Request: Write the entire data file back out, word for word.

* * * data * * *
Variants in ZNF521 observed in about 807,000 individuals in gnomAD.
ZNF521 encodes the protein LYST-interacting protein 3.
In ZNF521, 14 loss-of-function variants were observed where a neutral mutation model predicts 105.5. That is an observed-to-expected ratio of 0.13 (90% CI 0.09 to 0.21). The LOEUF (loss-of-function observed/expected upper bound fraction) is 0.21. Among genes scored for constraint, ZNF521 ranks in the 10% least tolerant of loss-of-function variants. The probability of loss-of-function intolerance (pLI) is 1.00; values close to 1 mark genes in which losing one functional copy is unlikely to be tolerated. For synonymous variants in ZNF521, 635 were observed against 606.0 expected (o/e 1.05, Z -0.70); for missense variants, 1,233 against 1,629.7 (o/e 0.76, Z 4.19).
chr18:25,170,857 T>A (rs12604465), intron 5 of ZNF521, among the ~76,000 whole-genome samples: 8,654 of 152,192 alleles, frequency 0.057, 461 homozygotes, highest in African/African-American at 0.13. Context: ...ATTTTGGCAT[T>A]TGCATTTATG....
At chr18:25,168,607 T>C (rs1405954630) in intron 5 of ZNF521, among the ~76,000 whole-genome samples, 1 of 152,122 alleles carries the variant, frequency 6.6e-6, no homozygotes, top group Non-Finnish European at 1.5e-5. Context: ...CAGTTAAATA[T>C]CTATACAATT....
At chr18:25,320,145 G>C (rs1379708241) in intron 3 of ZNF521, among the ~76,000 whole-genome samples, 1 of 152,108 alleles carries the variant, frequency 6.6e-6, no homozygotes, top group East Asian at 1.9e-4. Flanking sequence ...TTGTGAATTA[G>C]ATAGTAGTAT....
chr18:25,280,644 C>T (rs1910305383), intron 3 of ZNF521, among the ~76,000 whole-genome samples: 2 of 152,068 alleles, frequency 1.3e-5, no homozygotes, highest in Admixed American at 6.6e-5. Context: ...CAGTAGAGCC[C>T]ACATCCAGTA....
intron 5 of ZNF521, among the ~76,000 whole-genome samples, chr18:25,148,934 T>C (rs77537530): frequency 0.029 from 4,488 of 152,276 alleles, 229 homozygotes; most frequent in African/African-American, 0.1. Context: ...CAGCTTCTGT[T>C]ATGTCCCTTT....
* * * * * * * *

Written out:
Variants in ZNF521 observed in about 807,000 individuals in gnomAD.
ZNF521 encodes the protein LYST-interacting protein 3.
In ZNF521, 14 loss-of-function variants were observed where a neutral mutation model predicts 105.5. That is an observed-to-expected ratio of 0.13 (90% CI 0.09 to 0.21). The LOEUF (loss-of-function observed/expected upper bound fraction) is 0.21. Among genes scored for constraint, ZNF521 ranks in the 10% least tolerant of loss-of-function variants. The probability of loss-of-function intolerance (pLI) is 1.00; values close to 1 mark genes in which losing one functional copy is unlikely to be tolerated. For synonymous variants in ZNF521, 635 were observed against 606.0 expected (o/e 1.05, Z -0.70); for missense variants, 1,233 against 1,629.7 (o/e 0.76, Z 4.19).
chr18:25,170,857 T>A (rs12604465), intron 5 of ZNF521, among the ~76,000 whole-genome samples: 8,654 of 152,192 alleles, frequency 0.057, 461 homozygotes, highest in African/African-American at 0.13. Context: ...ATTTTGGCAT[T>A]TGCATTTATG....
At chr18:25,168,607 T>C (rs1405954630) in intron 5 of ZNF521, among the ~76,000 whole-genome samples, 1 of 152,122 alleles carries the variant, frequency 6.6e-6, no homozygotes, top group Non-Finnish European at 1.5e-5. Context: ...CAGTTAAATA[T>C]CTATACAATT....
At chr18:25,320,145 G>C (rs1379708241) in intron 3 of ZNF521, among the ~76,000 whole-genome samples, 1 of 152,108 alleles carries the variant, frequency 6.6e-6, no homozygotes, top group East Asian at 1.9e-4. Flanking sequence ...TTGTGAATTA[G>C]ATAGTAGTAT....
chr18:25,280,644 C>T (rs1910305383), intron 3 of ZNF521, among the ~76,000 whole-genome samples: 2 of 152,068 alleles, frequency 1.3e-5, no homozygotes, highest in Admixed American at 6.6e-5. Context: ...CAGTAGAGCC[C>T]ACATCCAGTA....
intron 5 of ZNF521, among the ~76,000 whole-genome samples, chr18:25,148,934 T>C (rs77537530): frequency 0.029 from 4,488 of 152,276 alleles, 229 homozygotes; most frequent in African/African-American, 0.1. Context: ...CAGCTTCTGT[T>C]ATGTCCCTTT....